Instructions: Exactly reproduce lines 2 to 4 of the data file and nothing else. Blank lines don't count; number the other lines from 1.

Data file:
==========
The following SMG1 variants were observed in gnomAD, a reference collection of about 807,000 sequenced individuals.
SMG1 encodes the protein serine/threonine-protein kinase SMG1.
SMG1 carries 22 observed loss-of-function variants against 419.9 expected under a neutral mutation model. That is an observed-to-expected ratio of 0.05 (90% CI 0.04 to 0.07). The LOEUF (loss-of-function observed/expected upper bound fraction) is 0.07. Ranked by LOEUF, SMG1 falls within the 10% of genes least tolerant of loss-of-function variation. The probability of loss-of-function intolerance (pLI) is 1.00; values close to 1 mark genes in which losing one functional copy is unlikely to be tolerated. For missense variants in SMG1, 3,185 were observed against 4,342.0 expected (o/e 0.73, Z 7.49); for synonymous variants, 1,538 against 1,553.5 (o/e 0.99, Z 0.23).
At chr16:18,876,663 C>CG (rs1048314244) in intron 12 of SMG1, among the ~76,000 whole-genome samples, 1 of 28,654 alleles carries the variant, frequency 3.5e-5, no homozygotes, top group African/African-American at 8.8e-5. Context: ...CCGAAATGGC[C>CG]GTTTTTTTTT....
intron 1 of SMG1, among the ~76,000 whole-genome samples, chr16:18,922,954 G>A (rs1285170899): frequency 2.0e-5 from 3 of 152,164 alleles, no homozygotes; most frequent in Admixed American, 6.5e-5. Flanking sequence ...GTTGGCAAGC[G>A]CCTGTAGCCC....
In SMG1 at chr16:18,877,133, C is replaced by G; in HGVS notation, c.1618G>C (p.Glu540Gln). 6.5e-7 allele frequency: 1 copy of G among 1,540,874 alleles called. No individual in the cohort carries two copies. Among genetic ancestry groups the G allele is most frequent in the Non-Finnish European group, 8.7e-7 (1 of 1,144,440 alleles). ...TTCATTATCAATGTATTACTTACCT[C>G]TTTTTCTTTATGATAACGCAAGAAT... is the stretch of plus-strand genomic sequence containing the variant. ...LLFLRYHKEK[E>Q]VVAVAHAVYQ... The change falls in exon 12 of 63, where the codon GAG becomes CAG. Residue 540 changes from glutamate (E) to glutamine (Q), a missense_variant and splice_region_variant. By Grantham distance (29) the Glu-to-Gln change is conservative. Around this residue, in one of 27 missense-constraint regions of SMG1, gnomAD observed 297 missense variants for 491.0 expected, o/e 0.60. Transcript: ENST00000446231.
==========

SMG1 encodes the protein serine/threonine-protein kinase SMG1.
SMG1 carries 22 observed loss-of-function variants against 419.9 expected under a neutral mutation model. That is an observed-to-expected ratio of 0.05 (90% CI 0.04 to 0.07). The LOEUF (loss-of-function observed/expected upper bound fraction) is 0.07. Ranked by LOEUF, SMG1 falls within the 10% of genes least tolerant of loss-of-function variation. The probability of loss-of-function intolerance (pLI) is 1.00; values close to 1 mark genes in which losing one functional copy is unlikely to be tolerated. For missense variants in SMG1, 3,185 were observed against 4,342.0 expected (o/e 0.73, Z 7.49); for synonymous variants, 1,538 against 1,553.5 (o/e 0.99, Z 0.23).
At chr16:18,876,663 C>CG (rs1048314244) in intron 12 of SMG1, among the ~76,000 whole-genome samples, 1 of 28,654 alleles carries the variant, frequency 3.5e-5, no homozygotes, top group African/African-American at 8.8e-5. Context: ...CCGAAATGGC[C>CG]GTTTTTTTTT....